were depleted. Oil accounted for 24% of GDP in 1990, but had reduced to 7% of GDP by 2004.[9]
Critically, one of the first major projects Sheikh Rashid embarked upon when oil revenue started to
flow was the construction of Port Rashid, a deep water free port constructed by British
company Halcrow. Originally intended to be a four-berth port, it was extended to sixteen berths as
construction was ongoing. The project was an outstanding success, with shipping queuing to access
the new facilities. The port was inaugurated on 5 October 1972, although its berths were each
pressed into use as soon as they had been built. Port Rashid was to be further expanded in 1975 to
add a further 35 berths before the larger port of Jebel Ali was constructed.[9]
Port Rashid was the first of a swath of projects designed to create a modern trading infrastructure,
including roads, bridges, schools and hospitals.[44]
Reaching the UAE's Act of Union

Adi Bitar in a meeting with Sheiks Rashid Al Maktoum, Mohammad Al Maktoum, and Maktoum Al Maktoum in
Dubai, 1968
Dubai and the other 'Trucial States' had long been a British protectorate where the British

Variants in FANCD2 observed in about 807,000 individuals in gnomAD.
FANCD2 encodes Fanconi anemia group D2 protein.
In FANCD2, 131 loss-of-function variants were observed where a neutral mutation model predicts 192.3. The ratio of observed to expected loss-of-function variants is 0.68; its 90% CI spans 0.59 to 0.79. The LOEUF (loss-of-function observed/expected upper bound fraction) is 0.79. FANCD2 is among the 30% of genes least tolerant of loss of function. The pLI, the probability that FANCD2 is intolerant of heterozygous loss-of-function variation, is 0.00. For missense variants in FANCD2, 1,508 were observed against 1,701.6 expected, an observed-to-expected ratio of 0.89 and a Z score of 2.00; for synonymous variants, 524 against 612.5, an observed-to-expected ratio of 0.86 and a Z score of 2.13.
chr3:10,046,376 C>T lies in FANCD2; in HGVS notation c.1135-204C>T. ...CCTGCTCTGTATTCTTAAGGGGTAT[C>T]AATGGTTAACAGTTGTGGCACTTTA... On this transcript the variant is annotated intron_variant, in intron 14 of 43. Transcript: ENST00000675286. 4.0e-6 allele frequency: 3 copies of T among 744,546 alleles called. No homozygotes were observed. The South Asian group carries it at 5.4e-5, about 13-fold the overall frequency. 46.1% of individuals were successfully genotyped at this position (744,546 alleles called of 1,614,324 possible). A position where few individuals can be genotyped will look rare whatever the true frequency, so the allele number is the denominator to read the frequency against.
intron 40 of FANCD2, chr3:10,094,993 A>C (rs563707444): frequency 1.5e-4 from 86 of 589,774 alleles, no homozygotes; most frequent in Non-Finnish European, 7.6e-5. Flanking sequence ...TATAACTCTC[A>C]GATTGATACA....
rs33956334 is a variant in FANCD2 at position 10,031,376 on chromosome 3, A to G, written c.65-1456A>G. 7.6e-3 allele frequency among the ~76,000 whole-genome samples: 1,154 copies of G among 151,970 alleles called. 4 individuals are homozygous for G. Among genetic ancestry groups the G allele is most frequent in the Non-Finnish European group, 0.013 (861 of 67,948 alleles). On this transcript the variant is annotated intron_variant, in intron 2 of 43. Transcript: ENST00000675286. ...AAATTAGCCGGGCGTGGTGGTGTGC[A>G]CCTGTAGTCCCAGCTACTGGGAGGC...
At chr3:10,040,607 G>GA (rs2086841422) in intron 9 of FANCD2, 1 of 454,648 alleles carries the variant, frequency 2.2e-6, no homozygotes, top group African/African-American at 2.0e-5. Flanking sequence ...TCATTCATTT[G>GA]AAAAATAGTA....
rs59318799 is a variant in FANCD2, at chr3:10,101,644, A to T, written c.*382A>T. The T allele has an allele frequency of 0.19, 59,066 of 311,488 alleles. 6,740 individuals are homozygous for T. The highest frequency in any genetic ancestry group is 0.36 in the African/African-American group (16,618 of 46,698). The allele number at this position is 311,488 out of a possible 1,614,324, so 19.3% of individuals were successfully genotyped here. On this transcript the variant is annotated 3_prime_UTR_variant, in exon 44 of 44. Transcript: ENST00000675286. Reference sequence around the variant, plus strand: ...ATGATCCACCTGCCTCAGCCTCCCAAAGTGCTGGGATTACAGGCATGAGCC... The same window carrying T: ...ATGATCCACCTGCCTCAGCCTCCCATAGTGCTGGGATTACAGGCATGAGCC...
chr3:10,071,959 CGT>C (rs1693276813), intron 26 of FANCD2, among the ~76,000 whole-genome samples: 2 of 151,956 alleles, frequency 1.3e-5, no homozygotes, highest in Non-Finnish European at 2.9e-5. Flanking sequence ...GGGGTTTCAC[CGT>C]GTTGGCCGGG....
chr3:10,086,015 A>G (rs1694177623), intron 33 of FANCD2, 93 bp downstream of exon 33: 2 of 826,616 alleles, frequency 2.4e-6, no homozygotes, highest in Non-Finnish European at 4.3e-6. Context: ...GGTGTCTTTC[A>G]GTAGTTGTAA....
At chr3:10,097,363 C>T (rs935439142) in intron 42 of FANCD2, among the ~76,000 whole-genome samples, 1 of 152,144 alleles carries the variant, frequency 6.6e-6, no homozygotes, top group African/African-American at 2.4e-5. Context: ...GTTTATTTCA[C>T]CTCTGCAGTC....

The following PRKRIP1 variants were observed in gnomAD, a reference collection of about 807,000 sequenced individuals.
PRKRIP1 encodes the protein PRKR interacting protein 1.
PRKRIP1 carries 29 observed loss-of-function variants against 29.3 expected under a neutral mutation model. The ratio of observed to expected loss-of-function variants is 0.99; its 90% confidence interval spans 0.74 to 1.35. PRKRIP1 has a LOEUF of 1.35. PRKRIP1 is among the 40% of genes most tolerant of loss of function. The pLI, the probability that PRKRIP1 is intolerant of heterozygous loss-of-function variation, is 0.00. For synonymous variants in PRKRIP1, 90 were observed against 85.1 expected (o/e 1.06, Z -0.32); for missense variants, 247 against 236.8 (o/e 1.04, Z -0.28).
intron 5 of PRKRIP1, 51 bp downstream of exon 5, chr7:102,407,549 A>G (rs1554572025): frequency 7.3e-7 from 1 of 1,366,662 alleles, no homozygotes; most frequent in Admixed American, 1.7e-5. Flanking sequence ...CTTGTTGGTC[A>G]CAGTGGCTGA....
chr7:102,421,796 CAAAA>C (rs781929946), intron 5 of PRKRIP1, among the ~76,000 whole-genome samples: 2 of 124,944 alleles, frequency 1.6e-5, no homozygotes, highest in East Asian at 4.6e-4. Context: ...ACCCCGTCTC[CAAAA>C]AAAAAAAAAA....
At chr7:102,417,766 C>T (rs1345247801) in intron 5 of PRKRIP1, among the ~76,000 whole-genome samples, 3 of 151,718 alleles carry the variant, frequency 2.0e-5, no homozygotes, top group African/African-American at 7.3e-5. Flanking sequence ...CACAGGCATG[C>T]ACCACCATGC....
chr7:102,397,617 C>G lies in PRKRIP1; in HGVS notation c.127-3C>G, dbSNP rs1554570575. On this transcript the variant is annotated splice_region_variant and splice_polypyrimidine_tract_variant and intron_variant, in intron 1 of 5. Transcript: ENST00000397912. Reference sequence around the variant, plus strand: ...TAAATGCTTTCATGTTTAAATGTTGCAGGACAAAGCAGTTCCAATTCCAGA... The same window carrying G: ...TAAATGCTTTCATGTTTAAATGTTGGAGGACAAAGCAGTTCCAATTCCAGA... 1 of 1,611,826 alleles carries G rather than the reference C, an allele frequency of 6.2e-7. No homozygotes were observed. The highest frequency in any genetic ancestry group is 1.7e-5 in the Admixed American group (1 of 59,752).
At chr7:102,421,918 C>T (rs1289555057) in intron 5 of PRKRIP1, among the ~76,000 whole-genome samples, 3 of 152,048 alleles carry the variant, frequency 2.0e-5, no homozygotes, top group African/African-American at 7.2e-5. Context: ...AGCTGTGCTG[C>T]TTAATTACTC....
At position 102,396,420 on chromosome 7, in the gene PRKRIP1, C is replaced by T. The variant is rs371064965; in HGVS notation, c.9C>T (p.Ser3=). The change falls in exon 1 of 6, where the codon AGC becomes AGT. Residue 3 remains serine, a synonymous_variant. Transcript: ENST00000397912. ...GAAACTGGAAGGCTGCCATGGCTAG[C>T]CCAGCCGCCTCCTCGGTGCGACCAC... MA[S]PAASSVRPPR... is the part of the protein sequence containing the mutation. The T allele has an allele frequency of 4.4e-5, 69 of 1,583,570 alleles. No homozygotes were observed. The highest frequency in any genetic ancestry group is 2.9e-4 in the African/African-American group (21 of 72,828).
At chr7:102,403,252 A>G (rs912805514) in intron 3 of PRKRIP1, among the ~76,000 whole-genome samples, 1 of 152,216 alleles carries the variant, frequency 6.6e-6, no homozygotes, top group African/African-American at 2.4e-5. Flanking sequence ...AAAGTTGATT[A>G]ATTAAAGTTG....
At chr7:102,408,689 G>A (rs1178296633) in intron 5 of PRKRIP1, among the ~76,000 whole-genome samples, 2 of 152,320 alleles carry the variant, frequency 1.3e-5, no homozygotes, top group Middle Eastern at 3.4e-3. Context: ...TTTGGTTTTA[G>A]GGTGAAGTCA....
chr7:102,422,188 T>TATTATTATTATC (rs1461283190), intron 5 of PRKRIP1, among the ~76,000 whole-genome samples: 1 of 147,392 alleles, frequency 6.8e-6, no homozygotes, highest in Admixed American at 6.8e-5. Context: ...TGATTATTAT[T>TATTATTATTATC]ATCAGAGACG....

government took care of foreign policy and defence, as well as arbitrating between the rulers of the
Eastern Gulf, the result of a treaty signed in 1892, the 'Exclusive Agreement'. This was to change
with PM Harold Wilson's announcement, on 16 January 1968, that all British troops were to be
withdrawn from 'East of Aden'. The decision was to pitch the coastal emirates, together
with Qatar and Bahrain, into fevered negotiations to fill the political vacuum that the British
withdrawal would leave behind.[45]
The principle of union was first agreed between the ruler of Abu Dhabi, Sheikh Zayed bin Sultan Al
Nahyan, and Sheikh Rashid of Dubai on 18 February 1968 meeting in an encampment at Argoub Al
Sedirah, near Al Semeih, a desert stop between the two emirates.[46] The two agreed to work towards
bringing the other emirates, including Qatar and Bahrain, into the union. Over the next two years,